The Little Boy that Made an Impact

At the moment, I'm peering down at my indecipherable notes that I have recently scribbled onto one of the Eat, Pray, Love blank pages that fell out of the already worn-out book (remember, it was only 85,000 Vietnamese dongs)...

I like to keep at least one piece of paper in my messenger bag, just in case an idea for my blog strikes at that very moment. Day by day, hour by hour, I yearn to share the details of my travels but also my true feelings on the peculiar observations I consistently encounter - - and essentially, what I personally prefer to take away. 

Of course, I can go on and on about the landmarks I have photographed, the places I have been, and where I plan to step my size 6 feet upon next week. 

Shall I discuss how the Vietnamese locals like to squat rather than sit on the ground like so? 

Or how about the Pagoda I visited the other day and while being handed some ancient (very sacred) Buddhist chants, almost getting smacked upside the head by a female Buddhist monk because I mistakenly almost set those chants on the tiled floor...(maybe it's bad luck or something?) 

 And, if you think that's a bit dramatic - - and please, let me regress by saying that I, wholeheartedly respect all traditions and cultures so by no means, am I talking this particular occurrence down in any way. But, if you think that was a bit too much to about this one below?? 

This very detailed, very suggestive creation was found, quite ironically, right outside of the peaceful Pagoda walls - - indicating if anyone was 'bad' or to do 'evil' in this lifetime will pay in the afterlife...Geez, I'd say so. 

However, I choose not to further discuss any of the above photos for this blog only because I want to continue expressing myself more authentically and not only make my own experiences here more meaningful, 

But also make this reading experience for you just as meaningful, if not more. 

'So, Cathy, what's really been on your mind and how are you feeling these days in Vietnam?', one might possibly inquire. 

Well, here it is in a nutshell. The other night, after enjoying some cold vermicelli noodles with grilled pork seasoned with the typical Vietnamese flavors, lemongrass and fish sauce, I felt a hand pat my back as well as my backpack. Hurriedly, I spun myself around, preparing for the worst because I always hear how common pickpocketing is around Ho Chi Minh, and seriously ready to throw the meanest punch. But, alas, I accidentally let out a gasp and clutched my heart..

Instead of facing a local thief, my assumptions were completely wrong. There he was, a young boy, approximately 10-12 years of age, with barely any face, arms as skinny as toothpicks - - and that face. It was as if someone threw a mini bomb in this sweet little boy's face and left him with no means to consult a plastic surgeon to magically turn back time. His face was completely sunken in and after my overly dramatic gasp, I immediately felt a rush of guilt wash over my whole soul. I felt bad...I didn't mean to judge...It's just I've never seen anything so so sad in my life before.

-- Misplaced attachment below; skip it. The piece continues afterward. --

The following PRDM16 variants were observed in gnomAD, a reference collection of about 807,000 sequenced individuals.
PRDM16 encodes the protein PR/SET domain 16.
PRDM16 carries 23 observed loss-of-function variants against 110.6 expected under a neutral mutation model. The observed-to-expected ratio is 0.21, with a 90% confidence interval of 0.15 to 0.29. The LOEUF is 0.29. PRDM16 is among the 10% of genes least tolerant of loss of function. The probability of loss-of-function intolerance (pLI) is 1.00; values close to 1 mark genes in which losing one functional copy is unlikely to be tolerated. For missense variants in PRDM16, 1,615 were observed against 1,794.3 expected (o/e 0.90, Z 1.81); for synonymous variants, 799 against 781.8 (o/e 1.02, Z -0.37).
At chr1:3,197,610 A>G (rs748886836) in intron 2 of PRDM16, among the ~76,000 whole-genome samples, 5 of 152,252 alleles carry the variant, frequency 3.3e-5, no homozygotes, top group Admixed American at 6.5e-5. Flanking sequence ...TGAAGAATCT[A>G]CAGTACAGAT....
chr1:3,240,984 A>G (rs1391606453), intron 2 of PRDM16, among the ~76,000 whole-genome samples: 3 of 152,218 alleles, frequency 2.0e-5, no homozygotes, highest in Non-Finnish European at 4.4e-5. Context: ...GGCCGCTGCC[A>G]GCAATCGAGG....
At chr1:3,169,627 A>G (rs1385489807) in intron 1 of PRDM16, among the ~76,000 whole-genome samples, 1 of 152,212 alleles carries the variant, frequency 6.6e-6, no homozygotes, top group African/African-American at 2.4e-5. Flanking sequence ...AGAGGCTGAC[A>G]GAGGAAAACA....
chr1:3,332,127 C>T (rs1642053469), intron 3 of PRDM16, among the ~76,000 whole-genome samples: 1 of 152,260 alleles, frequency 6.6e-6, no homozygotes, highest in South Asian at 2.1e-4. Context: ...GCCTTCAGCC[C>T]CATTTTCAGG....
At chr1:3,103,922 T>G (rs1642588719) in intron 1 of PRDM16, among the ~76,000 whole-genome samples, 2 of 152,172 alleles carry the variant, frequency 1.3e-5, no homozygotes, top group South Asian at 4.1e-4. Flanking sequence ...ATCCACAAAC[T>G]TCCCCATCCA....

I must have stood outside of that restaurant, still clutching my heart, frozen for how many minutes? I'm not even sure. Finally, my cousin's friend handed him some Vietnamese money and the boy, in response, smiled as much as he could bear it, clapped both of his fragile arms (I was secretly hoping he would stop because I didn't want to see him hurt himself) and patted my back - - once again. 

I did not feel like I deserved that pat on the back after standing there like a goon just staring at him but was grateful to see something so rare - - and in a sense, magical. 

This boy, disabled and most likely homeless, was still as forgiving as ever and ecstatic to receive some assistance - - even if it was just a few measly Vietnamese dongs, it just didn't matter. Although I was not the one to provide him the money he was seeking and also responded rudely (in my opinion)...

He seemed to be the happiest boy - - wait, scratch that, Person, I have seen and hung out with all day. Prior to this event, I had been a witness to various conversations that always seemed to link back to one common statement:

'I want...I want...I want...'
'I don't have (insert noun here) and will not be happy until (insert previous chosen noun here) is more abundant in my life...'

So what did I take away from this? Damn, be happy with what you've got. So you've only got one shitty car - - get rid of it and work hard to get a better one. So your significant other continues to put you down and wish for a happier love life? Either accept that person for who they are or make some significant change; don't you love yourself more than that?
Whatever those circumstances are, whatever current situation one is in - - be happy with what you've got today. 

Consider yourself lucky. Because you probably really are. 


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